From home, I work on permaculture designs for clients all over the world. Of course, permaculture has a strong emphasis on practicality, and there is no real substitute for actual observation and implementation on the ground. Some people are confused about exactly what a remote permaculture design can offer. But this way of working is becoming increasingly common in the industry – especially in these days of curtailed travel.
In today’s hyper-connected world, there is the potential to harness expertise from all over the globe, and remote design (with careful liaising with clients and those on site) is where I come in.
Over the past few years, I have learned a lot – not just through my own practical experiences in my own forest garden, and by visiting and learning from others, but also through theory and careful study.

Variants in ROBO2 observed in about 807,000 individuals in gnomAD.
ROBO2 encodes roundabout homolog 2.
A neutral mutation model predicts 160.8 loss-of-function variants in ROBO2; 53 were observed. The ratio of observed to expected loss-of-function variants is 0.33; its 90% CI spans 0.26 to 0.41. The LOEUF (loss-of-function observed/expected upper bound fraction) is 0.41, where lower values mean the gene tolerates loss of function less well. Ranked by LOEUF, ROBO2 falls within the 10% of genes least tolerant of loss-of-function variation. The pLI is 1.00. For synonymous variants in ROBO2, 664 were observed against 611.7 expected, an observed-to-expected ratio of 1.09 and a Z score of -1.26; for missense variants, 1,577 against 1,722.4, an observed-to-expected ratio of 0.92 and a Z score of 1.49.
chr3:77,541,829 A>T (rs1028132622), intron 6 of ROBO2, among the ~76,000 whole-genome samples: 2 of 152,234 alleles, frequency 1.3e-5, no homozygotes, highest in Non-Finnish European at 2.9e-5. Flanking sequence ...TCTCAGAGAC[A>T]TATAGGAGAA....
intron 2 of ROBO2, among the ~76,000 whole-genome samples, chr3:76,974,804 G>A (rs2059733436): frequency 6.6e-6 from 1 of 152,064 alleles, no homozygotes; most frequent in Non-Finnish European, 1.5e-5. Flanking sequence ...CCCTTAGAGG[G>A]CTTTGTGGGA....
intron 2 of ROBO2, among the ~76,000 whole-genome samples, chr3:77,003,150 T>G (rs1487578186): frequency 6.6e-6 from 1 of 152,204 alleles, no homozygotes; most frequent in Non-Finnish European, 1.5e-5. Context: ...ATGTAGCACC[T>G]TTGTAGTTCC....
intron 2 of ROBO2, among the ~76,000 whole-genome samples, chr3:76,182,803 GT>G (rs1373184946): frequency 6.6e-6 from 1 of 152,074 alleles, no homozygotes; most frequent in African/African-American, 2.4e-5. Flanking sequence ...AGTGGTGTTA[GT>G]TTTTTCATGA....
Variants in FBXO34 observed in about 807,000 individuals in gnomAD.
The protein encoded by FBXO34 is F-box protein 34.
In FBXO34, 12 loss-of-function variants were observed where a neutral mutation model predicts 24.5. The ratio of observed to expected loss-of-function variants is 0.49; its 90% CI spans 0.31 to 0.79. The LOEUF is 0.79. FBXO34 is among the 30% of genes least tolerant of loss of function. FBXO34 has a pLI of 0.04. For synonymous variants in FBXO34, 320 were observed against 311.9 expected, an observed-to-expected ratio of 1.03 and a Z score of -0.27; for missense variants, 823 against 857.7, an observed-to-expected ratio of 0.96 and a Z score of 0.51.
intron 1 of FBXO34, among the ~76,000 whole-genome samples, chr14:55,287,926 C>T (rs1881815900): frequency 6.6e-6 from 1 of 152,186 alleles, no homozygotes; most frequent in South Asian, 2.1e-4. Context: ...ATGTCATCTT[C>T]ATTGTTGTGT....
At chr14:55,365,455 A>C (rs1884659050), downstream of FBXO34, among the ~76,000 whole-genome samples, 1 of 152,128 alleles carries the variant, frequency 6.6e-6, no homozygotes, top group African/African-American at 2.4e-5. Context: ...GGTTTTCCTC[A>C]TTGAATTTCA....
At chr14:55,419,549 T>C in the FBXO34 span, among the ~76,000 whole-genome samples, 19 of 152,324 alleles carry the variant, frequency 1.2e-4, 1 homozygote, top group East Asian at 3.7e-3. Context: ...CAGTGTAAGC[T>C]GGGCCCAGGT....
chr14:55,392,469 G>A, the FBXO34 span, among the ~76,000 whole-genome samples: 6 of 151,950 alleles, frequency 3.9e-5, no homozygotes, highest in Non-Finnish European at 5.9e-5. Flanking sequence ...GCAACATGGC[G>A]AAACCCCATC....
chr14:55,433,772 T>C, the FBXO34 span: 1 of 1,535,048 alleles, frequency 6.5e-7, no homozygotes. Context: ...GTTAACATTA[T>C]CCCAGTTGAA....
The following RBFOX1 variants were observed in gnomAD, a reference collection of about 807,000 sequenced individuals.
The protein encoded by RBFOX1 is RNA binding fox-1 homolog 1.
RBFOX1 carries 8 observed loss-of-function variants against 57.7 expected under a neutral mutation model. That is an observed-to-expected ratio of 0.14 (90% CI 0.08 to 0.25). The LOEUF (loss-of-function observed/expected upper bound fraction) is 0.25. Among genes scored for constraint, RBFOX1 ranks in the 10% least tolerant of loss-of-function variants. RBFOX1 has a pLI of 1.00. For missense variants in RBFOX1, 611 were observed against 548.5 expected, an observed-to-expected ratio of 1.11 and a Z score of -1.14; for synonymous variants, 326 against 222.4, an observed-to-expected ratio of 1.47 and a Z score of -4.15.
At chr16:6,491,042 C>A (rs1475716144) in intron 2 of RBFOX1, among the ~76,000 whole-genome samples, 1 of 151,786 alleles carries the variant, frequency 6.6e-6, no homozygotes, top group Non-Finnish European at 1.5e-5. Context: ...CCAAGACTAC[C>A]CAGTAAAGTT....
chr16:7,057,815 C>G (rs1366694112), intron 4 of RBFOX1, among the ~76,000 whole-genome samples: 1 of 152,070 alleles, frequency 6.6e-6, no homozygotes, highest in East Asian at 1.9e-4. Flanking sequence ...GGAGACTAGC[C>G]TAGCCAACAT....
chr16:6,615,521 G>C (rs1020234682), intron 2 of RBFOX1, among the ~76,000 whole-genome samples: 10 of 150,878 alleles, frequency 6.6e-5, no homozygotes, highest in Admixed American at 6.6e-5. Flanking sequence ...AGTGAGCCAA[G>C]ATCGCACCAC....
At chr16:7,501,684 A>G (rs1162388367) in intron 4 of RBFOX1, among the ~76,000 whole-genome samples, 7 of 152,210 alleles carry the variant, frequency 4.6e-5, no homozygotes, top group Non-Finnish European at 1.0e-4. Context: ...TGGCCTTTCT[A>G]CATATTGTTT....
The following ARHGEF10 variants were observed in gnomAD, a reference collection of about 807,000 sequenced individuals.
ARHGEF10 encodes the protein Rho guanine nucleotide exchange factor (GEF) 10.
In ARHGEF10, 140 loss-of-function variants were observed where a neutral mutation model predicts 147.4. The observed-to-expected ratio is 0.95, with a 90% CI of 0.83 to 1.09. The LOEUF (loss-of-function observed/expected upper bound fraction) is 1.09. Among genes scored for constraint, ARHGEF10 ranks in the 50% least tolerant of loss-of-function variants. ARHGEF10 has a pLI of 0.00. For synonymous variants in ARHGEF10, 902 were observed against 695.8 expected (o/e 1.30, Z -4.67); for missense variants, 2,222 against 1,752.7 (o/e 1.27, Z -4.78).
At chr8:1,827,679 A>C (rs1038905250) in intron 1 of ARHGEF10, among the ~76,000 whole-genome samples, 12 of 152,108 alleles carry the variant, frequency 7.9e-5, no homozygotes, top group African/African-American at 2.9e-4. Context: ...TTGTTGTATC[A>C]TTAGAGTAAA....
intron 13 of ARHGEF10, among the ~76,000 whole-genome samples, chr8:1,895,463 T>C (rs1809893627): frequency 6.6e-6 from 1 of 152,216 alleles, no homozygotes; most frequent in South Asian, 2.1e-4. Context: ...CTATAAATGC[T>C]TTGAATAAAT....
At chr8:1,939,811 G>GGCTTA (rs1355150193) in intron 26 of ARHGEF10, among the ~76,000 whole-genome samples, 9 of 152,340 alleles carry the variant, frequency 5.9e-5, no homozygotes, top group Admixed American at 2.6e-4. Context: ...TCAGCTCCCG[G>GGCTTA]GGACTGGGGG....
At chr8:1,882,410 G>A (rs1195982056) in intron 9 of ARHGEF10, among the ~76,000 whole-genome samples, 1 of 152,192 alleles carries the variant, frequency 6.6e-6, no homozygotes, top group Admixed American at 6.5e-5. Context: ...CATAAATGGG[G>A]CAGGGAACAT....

With reference to topographical maps, client questionnaires, sector and soil information online, and many other resources, I can implement the right designs for very different sites – even when I have not visited an area myself. I have built up a body of knowledge – most particularly on temperate and dry-land ecosystem restoration, agroforestry/ forest gardens and annual polyculture growing… but also on a range of other permaculture elements and practices. The great thing is – when you work globally, there is always more to learn.
Remember, a permaculture design, no matter how comprehensive, is always just a starting point. The client will always continue to build, hone and refine the design on the ground. And where the client is not experienced, I can also offer consultancy at an hourly fee to help them as the project progresses.
No matter where you live, please do get in touch to discuss a design. I’d be very glad to make suggestions, and point you in the right direction.